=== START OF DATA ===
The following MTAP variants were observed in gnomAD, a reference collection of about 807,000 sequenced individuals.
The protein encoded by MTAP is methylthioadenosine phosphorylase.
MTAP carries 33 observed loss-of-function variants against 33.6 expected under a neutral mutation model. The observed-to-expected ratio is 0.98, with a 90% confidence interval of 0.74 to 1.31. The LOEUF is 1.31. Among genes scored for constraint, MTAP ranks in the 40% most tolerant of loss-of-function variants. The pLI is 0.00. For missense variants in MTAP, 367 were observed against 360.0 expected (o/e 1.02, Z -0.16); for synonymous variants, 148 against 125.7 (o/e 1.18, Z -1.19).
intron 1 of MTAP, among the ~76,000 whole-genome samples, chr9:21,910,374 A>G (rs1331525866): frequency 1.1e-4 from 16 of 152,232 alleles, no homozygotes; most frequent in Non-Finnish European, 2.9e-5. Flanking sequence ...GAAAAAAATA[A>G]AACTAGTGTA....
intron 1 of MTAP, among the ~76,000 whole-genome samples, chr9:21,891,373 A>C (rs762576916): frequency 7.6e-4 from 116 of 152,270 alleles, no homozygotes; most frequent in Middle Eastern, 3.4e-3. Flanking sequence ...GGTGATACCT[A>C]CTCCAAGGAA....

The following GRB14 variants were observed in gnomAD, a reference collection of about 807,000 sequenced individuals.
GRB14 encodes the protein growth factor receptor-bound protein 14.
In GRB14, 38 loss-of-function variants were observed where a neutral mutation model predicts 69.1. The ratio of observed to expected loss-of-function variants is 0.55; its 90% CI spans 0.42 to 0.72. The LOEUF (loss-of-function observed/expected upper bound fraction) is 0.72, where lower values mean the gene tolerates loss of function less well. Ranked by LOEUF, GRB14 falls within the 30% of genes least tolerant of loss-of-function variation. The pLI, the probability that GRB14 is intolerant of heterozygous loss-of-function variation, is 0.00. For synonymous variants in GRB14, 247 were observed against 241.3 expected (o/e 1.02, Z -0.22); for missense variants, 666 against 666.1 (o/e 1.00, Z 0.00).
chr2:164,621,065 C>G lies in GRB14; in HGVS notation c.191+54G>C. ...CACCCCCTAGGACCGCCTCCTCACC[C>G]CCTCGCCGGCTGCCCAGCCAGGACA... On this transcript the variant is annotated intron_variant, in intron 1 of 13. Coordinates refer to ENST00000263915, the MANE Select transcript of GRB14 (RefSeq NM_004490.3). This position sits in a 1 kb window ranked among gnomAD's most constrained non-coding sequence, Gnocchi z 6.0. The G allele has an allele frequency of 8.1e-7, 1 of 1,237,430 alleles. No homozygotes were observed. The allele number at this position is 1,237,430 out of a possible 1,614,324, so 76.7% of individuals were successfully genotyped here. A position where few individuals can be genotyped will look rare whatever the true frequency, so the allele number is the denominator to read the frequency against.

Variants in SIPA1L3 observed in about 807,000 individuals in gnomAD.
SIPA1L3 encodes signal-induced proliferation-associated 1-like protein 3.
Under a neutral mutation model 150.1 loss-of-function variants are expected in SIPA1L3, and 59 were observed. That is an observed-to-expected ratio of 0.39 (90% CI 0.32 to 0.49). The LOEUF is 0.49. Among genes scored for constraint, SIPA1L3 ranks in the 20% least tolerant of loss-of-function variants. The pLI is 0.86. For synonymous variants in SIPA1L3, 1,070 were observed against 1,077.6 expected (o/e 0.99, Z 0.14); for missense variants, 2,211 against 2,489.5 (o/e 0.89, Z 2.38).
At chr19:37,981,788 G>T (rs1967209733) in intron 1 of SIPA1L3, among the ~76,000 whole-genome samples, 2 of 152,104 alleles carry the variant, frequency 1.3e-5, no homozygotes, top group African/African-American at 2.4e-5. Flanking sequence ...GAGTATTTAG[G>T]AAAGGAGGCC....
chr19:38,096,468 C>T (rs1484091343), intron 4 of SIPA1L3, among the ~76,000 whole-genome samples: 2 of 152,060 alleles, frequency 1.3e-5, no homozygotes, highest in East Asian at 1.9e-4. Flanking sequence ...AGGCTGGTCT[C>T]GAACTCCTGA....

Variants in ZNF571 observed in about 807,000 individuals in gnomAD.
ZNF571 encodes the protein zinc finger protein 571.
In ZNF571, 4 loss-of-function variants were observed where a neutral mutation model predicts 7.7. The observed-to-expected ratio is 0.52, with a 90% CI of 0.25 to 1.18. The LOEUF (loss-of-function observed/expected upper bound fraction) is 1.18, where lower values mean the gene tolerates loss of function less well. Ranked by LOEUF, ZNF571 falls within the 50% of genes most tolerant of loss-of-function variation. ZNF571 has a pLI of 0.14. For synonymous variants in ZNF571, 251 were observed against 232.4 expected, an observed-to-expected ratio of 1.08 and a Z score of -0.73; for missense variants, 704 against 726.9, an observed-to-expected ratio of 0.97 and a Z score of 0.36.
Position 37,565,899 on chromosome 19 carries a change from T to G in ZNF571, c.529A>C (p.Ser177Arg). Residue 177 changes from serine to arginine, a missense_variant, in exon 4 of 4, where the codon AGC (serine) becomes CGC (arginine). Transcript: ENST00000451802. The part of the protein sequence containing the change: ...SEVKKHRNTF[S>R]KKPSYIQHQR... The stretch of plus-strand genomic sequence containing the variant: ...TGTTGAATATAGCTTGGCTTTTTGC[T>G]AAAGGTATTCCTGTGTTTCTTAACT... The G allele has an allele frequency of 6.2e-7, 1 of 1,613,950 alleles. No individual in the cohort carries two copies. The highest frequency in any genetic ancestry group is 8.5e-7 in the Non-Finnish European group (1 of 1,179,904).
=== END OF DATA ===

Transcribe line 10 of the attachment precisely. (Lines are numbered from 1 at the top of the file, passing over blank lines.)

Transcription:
Variants in SIPA1L3 observed in about 807,000 individuals in gnomAD.